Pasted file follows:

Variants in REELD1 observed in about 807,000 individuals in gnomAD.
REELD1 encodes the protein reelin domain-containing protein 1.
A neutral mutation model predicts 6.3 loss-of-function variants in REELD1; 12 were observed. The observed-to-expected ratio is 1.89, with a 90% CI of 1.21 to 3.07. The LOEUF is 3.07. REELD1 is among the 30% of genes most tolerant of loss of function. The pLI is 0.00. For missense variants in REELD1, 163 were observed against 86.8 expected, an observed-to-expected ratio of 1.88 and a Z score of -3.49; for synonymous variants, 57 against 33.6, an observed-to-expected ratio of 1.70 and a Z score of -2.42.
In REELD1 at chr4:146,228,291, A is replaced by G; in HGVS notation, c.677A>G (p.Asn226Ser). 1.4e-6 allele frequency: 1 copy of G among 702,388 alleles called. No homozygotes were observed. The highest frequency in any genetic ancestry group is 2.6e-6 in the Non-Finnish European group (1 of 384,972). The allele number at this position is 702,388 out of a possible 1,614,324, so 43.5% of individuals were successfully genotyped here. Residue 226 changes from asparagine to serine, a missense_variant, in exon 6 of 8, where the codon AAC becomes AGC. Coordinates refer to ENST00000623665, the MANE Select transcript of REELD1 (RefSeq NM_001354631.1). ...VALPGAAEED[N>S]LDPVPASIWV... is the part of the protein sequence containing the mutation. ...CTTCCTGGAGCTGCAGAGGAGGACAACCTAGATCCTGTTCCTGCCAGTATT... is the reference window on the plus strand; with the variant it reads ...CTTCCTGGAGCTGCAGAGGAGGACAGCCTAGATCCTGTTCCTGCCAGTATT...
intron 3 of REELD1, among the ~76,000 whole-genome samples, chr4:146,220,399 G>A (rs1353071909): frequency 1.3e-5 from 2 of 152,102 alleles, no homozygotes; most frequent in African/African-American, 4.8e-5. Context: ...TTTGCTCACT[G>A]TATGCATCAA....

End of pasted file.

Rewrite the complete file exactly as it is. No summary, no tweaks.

Variants in REELD1 observed in about 807,000 individuals in gnomAD.
REELD1 encodes the protein reelin domain-containing protein 1.
A neutral mutation model predicts 6.3 loss-of-function variants in REELD1; 12 were observed. The observed-to-expected ratio is 1.89, with a 90% CI of 1.21 to 3.07. The LOEUF is 3.07. REELD1 is among the 30% of genes most tolerant of loss of function. The pLI is 0.00. For missense variants in REELD1, 163 were observed against 86.8 expected, an observed-to-expected ratio of 1.88 and a Z score of -3.49; for synonymous variants, 57 against 33.6, an observed-to-expected ratio of 1.70 and a Z score of -2.42.
In REELD1 at chr4:146,228,291, A is replaced by G; in HGVS notation, c.677A>G (p.Asn226Ser). 1.4e-6 allele frequency: 1 copy of G among 702,388 alleles called. No homozygotes were observed. The highest frequency in any genetic ancestry group is 2.6e-6 in the Non-Finnish European group (1 of 384,972). The allele number at this position is 702,388 out of a possible 1,614,324, so 43.5% of individuals were successfully genotyped here. Residue 226 changes from asparagine to serine, a missense_variant, in exon 6 of 8, where the codon AAC becomes AGC. Coordinates refer to ENST00000623665, the MANE Select transcript of REELD1 (RefSeq NM_001354631.1). ...VALPGAAEED[N>S]LDPVPASIWV... is the part of the protein sequence containing the mutation. ...CTTCCTGGAGCTGCAGAGGAGGACAACCTAGATCCTGTTCCTGCCAGTATT... is the reference window on the plus strand; with the variant it reads ...CTTCCTGGAGCTGCAGAGGAGGACAGCCTAGATCCTGTTCCTGCCAGTATT...
intron 3 of REELD1, among the ~76,000 whole-genome samples, chr4:146,220,399 G>A (rs1353071909): frequency 1.3e-5 from 2 of 152,102 alleles, no homozygotes; most frequent in African/African-American, 4.8e-5. Context: ...TTTGCTCACT[G>A]TATGCATCAA....